The University of Aberdeen has had connections with the Far East for hundreds of years. Staff and students have collected items from East and South-East Asia for research, teaching and out of curiosity. These objects have since been distributed throughout the University Museums' collections.
|(Image by James
The Herbarium holds an internationally recognized collection of the flora of Thailand, second only to a collection in that country. Arthur Francis George Kerr (1877-1942) collected most of the 22,000 specimens under the guidance of Professor William G. Craib, lecturer in Forest Botany at the University of Edinburgh and later at Aberdeen. Further work has since been done by Dr Euphemia Barnett, Assistant to Professor Craib while at Aberdeen. The genusBarnettia (Bignoniaceae) was named by Dr Santisuk in her honour. The Herbarium was visited by Princess Maha Chakri Sirindhorn of Thailand in 1995.
This image is of Strobilanthes maingayi C.B. Clarke, var glaber J.B.I. Thailand, type specimen.
Marischal Museum holds over 161 items from Japan which include excellent examples of Samurai armour gifted by John Milne Stewart, as well as swords, a Japanese compass, statuettes and domestic items. Examples of volcanic ash and rock from Japan are held in the Geology collection as well as historical papers, prints, correspondence and photographs in Special Collections. Some of the items from Japan held in the University collections were featured in the major exhibition at Aberdeen Art Gallery in 2007, The Land of the Samurai.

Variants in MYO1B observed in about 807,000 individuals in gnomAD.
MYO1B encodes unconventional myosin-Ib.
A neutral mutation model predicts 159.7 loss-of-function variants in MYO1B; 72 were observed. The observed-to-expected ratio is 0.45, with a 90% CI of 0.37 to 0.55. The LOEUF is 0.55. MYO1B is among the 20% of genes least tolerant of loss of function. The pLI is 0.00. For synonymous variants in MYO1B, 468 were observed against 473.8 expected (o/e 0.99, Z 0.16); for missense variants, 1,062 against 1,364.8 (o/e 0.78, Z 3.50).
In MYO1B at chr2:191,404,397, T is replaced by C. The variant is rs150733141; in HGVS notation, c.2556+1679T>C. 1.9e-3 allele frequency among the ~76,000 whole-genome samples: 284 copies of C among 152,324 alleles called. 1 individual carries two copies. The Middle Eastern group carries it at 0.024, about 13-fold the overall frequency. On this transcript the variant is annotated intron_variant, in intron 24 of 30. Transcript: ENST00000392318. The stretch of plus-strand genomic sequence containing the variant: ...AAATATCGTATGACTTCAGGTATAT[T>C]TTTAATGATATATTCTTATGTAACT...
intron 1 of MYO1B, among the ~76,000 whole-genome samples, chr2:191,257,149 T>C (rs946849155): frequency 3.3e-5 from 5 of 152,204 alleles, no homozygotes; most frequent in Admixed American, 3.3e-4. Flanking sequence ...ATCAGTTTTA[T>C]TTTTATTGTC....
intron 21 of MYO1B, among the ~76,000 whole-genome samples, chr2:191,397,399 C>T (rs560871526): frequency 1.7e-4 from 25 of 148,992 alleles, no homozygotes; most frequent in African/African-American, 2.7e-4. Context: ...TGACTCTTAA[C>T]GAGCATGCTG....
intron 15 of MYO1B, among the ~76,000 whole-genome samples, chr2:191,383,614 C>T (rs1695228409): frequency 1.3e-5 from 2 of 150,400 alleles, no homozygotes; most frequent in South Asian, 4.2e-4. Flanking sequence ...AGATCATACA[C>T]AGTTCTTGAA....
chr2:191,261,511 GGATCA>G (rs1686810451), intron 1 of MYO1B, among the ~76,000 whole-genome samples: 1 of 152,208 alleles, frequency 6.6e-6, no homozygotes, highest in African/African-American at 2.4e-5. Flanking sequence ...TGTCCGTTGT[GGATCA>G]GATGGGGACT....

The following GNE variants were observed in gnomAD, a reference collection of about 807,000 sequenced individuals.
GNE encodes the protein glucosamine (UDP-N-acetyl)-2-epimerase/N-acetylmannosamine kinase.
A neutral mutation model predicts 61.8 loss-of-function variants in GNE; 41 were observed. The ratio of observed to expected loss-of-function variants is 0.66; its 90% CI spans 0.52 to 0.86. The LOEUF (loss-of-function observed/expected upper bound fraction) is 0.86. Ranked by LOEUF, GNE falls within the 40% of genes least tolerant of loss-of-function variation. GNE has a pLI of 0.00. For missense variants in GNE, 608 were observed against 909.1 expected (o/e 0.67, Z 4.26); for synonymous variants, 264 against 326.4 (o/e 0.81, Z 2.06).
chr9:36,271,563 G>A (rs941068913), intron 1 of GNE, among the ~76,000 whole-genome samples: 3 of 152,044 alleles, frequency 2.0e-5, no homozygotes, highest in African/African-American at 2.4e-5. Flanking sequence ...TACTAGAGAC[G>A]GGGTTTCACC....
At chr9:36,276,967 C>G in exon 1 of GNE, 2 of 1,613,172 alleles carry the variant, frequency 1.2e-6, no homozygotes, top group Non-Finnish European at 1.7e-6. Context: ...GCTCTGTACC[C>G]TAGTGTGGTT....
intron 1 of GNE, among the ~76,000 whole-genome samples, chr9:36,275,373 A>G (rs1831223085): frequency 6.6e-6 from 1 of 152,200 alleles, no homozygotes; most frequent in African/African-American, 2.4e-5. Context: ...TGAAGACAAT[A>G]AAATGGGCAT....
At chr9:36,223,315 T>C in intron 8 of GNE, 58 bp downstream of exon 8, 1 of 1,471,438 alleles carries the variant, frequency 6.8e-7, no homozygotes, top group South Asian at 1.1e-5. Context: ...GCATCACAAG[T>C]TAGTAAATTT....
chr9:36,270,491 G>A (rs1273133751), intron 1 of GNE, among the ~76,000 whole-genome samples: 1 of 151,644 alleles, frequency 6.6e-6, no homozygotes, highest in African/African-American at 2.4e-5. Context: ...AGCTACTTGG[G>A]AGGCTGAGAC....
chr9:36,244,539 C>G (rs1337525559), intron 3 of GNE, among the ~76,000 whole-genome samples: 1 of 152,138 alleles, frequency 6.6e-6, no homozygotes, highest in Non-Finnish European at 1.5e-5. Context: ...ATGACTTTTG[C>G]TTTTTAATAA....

|Sword & scabbard, curved blade, white shark-skin
handle, Japan. ABDUA:39245
Pair of shoes with a very small rounded toe
Although western interest in the “Orient” dates back to the early 12th century, it grew especially during the late 19th c. The University of Aberdeen collections consist of materials purchased and bequeathed by several different collectors, with over 250 items including a shoe collection from Archibald L. Thorpe, Mrs Edith Buthley’s costume and dress collection, and military weaponry from Dr Mackworth. There are also two preserved anatomical examples of the now illegal Chinese tradition of breaking and binding women’s feet to give the appearance of small size.
|Page from the Yongle Dadian. MS 1143.|
In addition to the cultural objects held in various collections, Special Collections holds an extensive collection of historical archives and books such as part of the Yongle Dadian or Great Encyclopaedia of Yung Lo. Named after the reign of the third Emperor Ming (1402-1424), the Yongle Dadian is the result of the largest early bibliographic project by any civilization. It was commissioned by Emperor Ming and aimed to preserve all known literature. The University holds Section 11,907, part 18 of the Yongle Dadian and is in its original 16th century binding.
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